I was finally going to be able to live my life instead of just fantasizing about living it
When my older brother pointed out more than five years ago that we both show symptoms of obsessive compulsive disorder, I immediately dismissed the idea. At the time, the only knowledge I had of OCD came from bad TV. I’d never experienced contamination-based anxiety, and so I didn’t understand where my brother was coming from. When he explained that there are many manifestations of the disorder, I felt defensive. After all, I’d always harbored fantasies of winning the argument against my mind; why did he have to bring logic into this?
While my compulsive behavior is pretty fluid and has allowed me to enjoy a variety of the various different themes over the years, the one constant source of anxiety for me has been “Pure O”. I get feelings that my life is going to be somehow incomplete or even outright meaningless, and this train of thought causes me to constantly perform mental checks to ensure I’m living the “correct” life. I have to keep in mind what I perceive to be the official meaning of existence, and in moments when I fail to do this I feel like my actions are “unofficial”, that they don’t count as a part of my actual life. Because of the nature of these thoughts, I assumed for years that this was some sort of ongoing philosophical/spiritual crisis; it never crossed my mind that I was ill in any way.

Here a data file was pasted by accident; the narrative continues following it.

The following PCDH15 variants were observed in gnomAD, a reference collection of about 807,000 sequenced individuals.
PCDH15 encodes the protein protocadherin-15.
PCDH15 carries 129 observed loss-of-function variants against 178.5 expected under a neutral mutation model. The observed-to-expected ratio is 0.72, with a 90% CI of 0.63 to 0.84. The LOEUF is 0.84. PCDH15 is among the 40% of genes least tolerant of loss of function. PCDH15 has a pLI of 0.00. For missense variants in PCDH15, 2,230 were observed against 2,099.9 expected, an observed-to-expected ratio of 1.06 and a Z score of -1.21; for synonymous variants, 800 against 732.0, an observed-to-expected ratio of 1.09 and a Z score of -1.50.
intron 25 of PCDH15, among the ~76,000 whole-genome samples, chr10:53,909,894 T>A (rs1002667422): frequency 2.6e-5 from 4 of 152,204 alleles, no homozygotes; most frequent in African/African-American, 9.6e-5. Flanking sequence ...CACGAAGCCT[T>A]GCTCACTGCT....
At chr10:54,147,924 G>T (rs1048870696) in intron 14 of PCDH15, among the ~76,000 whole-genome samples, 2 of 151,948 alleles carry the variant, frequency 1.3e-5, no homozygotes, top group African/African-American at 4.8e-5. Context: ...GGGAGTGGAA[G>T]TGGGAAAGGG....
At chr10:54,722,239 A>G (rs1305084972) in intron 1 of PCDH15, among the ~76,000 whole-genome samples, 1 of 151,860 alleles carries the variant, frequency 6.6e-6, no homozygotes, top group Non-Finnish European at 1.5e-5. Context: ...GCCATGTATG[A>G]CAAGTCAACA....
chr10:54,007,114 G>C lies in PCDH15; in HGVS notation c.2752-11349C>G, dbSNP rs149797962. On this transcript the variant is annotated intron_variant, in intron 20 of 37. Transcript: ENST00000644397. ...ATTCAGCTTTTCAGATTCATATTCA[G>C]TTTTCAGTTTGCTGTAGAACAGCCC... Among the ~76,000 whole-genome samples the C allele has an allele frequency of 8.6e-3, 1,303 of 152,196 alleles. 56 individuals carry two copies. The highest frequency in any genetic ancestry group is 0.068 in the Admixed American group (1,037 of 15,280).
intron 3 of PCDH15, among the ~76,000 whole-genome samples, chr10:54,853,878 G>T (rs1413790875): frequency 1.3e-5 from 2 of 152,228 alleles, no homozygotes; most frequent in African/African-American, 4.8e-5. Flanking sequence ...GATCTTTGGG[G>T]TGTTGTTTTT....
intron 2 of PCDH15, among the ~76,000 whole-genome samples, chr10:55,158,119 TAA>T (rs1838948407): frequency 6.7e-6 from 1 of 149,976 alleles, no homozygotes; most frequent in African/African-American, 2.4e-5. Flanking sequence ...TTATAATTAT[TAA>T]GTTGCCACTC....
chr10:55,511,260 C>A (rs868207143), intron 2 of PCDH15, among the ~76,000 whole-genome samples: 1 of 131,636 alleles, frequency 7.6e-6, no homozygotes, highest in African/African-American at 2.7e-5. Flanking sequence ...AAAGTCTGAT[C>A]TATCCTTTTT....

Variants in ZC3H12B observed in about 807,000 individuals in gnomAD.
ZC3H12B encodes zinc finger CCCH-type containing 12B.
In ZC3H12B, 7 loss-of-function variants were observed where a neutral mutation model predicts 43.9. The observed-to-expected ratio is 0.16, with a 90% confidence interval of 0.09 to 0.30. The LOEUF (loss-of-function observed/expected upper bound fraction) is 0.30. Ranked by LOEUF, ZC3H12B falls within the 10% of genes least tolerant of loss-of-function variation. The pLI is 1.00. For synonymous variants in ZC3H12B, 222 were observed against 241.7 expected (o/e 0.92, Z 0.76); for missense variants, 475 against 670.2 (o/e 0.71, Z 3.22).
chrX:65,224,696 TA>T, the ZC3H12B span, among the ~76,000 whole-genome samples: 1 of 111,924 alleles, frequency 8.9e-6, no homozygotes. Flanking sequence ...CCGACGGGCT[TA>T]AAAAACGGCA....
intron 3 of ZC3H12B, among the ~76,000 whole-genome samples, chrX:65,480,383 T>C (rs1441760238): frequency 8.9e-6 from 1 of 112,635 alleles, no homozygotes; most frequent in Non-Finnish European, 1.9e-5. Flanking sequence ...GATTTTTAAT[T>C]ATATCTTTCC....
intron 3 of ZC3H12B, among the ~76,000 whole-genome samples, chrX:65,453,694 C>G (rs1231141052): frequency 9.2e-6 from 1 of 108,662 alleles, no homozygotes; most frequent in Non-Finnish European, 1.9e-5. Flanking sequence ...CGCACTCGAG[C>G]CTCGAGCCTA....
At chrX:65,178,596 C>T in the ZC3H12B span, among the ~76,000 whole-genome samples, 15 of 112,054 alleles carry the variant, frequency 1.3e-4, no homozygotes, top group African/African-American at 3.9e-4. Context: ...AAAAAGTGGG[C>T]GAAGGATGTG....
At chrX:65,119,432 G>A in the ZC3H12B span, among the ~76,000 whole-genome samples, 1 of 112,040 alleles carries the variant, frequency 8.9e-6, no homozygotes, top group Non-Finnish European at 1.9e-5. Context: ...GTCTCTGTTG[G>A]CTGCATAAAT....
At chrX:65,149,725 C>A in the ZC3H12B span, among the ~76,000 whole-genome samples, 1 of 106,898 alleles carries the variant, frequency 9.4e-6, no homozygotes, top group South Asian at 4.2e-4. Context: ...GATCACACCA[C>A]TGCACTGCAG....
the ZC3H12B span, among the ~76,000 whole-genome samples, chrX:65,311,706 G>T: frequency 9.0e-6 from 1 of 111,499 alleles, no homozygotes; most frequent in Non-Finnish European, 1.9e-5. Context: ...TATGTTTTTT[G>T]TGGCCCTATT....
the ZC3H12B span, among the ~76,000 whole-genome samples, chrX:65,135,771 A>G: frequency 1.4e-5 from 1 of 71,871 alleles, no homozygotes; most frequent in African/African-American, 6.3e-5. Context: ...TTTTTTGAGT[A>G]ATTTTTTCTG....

My personal opinion on the OCD treatment is find a therapist and if medication is suggested give it a go, you will save a lot of time and feel much better
My name is George
This is another OCD story, I’ve been diagnosed and receiving cognitive and medical therapy for one year now. My ocd adventure is not a success story (apologies if I have disappointed you). I’ve been failing at everything my whole life and had the worst of luck, I didn’t developed any social skills due to my social phobia and the fact that from the excessive criticism I got from my friends, family, teachers, relatives etc. had caused me to be bothered with the life of others and often compare my-self to them as me the dysfunctional human specimen and them having the greatest physical features and achievements that I could never reach. My school grades were awful and yet for the very few A’s I got I again got criticism for not having many and only on easy subjects.